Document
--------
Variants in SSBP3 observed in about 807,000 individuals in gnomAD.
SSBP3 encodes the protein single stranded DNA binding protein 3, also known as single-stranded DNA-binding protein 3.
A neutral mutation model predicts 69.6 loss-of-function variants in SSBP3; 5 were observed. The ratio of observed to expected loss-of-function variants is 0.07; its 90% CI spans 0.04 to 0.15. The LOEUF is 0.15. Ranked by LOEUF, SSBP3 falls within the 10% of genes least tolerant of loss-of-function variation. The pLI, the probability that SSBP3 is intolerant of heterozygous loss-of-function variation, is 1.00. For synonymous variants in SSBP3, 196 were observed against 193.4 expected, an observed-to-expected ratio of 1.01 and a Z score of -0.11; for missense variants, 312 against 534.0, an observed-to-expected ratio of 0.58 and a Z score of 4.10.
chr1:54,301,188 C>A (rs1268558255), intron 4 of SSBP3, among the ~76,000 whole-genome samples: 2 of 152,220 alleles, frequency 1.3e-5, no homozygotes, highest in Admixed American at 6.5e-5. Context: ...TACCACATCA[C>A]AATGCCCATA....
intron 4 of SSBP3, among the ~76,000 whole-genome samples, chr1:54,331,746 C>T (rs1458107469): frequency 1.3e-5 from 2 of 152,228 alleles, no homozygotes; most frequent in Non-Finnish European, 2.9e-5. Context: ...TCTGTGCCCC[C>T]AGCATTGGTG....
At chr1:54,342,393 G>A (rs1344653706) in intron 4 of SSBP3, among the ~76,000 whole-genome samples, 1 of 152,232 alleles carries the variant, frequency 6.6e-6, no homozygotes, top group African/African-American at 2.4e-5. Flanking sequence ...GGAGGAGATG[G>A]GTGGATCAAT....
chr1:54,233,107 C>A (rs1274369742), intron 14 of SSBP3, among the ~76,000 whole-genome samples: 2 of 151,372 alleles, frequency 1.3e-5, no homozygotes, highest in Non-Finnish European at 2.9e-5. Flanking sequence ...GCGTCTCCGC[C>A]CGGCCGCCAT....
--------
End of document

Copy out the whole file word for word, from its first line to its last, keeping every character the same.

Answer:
Variants in SSBP3 observed in about 807,000 individuals in gnomAD.
SSBP3 encodes the protein single stranded DNA binding protein 3, also known as single-stranded DNA-binding protein 3.
A neutral mutation model predicts 69.6 loss-of-function variants in SSBP3; 5 were observed. The ratio of observed to expected loss-of-function variants is 0.07; its 90% CI spans 0.04 to 0.15. The LOEUF is 0.15. Ranked by LOEUF, SSBP3 falls within the 10% of genes least tolerant of loss-of-function variation. The pLI, the probability that SSBP3 is intolerant of heterozygous loss-of-function variation, is 1.00. For synonymous variants in SSBP3, 196 were observed against 193.4 expected, an observed-to-expected ratio of 1.01 and a Z score of -0.11; for missense variants, 312 against 534.0, an observed-to-expected ratio of 0.58 and a Z score of 4.10.
chr1:54,301,188 C>A (rs1268558255), intron 4 of SSBP3, among the ~76,000 whole-genome samples: 2 of 152,220 alleles, frequency 1.3e-5, no homozygotes, highest in Admixed American at 6.5e-5. Context: ...TACCACATCA[C>A]AATGCCCATA....
intron 4 of SSBP3, among the ~76,000 whole-genome samples, chr1:54,331,746 C>T (rs1458107469): frequency 1.3e-5 from 2 of 152,228 alleles, no homozygotes; most frequent in Non-Finnish European, 2.9e-5. Context: ...TCTGTGCCCC[C>T]AGCATTGGTG....
At chr1:54,342,393 G>A (rs1344653706) in intron 4 of SSBP3, among the ~76,000 whole-genome samples, 1 of 152,232 alleles carries the variant, frequency 6.6e-6, no homozygotes, top group African/African-American at 2.4e-5. Flanking sequence ...GGAGGAGATG[G>A]GTGGATCAAT....
chr1:54,233,107 C>A (rs1274369742), intron 14 of SSBP3, among the ~76,000 whole-genome samples: 2 of 151,372 alleles, frequency 1.3e-5, no homozygotes, highest in Non-Finnish European at 2.9e-5. Flanking sequence ...GCGTCTCCGC[C>A]CGGCCGCCAT....